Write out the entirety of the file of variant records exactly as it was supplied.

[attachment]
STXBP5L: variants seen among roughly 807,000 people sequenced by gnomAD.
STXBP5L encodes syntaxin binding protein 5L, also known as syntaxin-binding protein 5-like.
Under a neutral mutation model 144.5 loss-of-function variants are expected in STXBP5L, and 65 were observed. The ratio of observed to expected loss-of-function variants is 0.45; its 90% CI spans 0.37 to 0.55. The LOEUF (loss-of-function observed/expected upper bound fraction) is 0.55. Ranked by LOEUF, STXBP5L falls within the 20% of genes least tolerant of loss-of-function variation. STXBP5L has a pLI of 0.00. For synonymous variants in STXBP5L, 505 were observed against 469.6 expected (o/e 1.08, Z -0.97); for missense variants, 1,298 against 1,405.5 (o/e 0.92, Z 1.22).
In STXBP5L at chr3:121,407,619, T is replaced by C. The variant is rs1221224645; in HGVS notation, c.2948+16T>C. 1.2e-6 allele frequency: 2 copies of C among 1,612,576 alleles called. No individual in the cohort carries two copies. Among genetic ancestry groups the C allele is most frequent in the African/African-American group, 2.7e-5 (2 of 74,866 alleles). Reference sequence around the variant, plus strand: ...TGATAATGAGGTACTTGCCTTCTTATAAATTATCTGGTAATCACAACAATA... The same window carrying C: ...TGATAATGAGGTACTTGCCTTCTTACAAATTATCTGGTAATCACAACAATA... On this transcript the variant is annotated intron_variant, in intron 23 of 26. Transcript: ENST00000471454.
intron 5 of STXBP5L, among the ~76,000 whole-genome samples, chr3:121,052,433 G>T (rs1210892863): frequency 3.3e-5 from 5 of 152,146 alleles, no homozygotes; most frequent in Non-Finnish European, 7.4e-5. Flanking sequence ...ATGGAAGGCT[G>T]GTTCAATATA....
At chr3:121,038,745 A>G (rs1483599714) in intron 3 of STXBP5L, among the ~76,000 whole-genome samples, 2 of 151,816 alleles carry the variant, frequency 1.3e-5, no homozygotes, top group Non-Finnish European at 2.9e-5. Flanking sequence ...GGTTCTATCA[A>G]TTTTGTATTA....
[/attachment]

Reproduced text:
STXBP5L: variants seen among roughly 807,000 people sequenced by gnomAD.
STXBP5L encodes syntaxin binding protein 5L, also known as syntaxin-binding protein 5-like.
Under a neutral mutation model 144.5 loss-of-function variants are expected in STXBP5L, and 65 were observed. The ratio of observed to expected loss-of-function variants is 0.45; its 90% CI spans 0.37 to 0.55. The LOEUF (loss-of-function observed/expected upper bound fraction) is 0.55. Ranked by LOEUF, STXBP5L falls within the 20% of genes least tolerant of loss-of-function variation. STXBP5L has a pLI of 0.00. For synonymous variants in STXBP5L, 505 were observed against 469.6 expected (o/e 1.08, Z -0.97); for missense variants, 1,298 against 1,405.5 (o/e 0.92, Z 1.22).
In STXBP5L at chr3:121,407,619, T is replaced by C. The variant is rs1221224645; in HGVS notation, c.2948+16T>C. 1.2e-6 allele frequency: 2 copies of C among 1,612,576 alleles called. No individual in the cohort carries two copies. Among genetic ancestry groups the C allele is most frequent in the African/African-American group, 2.7e-5 (2 of 74,866 alleles). Reference sequence around the variant, plus strand: ...TGATAATGAGGTACTTGCCTTCTTATAAATTATCTGGTAATCACAACAATA... The same window carrying C: ...TGATAATGAGGTACTTGCCTTCTTACAAATTATCTGGTAATCACAACAATA... On this transcript the variant is annotated intron_variant, in intron 23 of 26. Transcript: ENST00000471454.
intron 5 of STXBP5L, among the ~76,000 whole-genome samples, chr3:121,052,433 G>T (rs1210892863): frequency 3.3e-5 from 5 of 152,146 alleles, no homozygotes; most frequent in Non-Finnish European, 7.4e-5. Flanking sequence ...ATGGAAGGCT[G>T]GTTCAATATA....
At chr3:121,038,745 A>G (rs1483599714) in intron 3 of STXBP5L, among the ~76,000 whole-genome samples, 2 of 151,816 alleles carry the variant, frequency 1.3e-5, no homozygotes, top group Non-Finnish European at 2.9e-5. Flanking sequence ...GGTTCTATCA[A>G]TTTTGTATTA....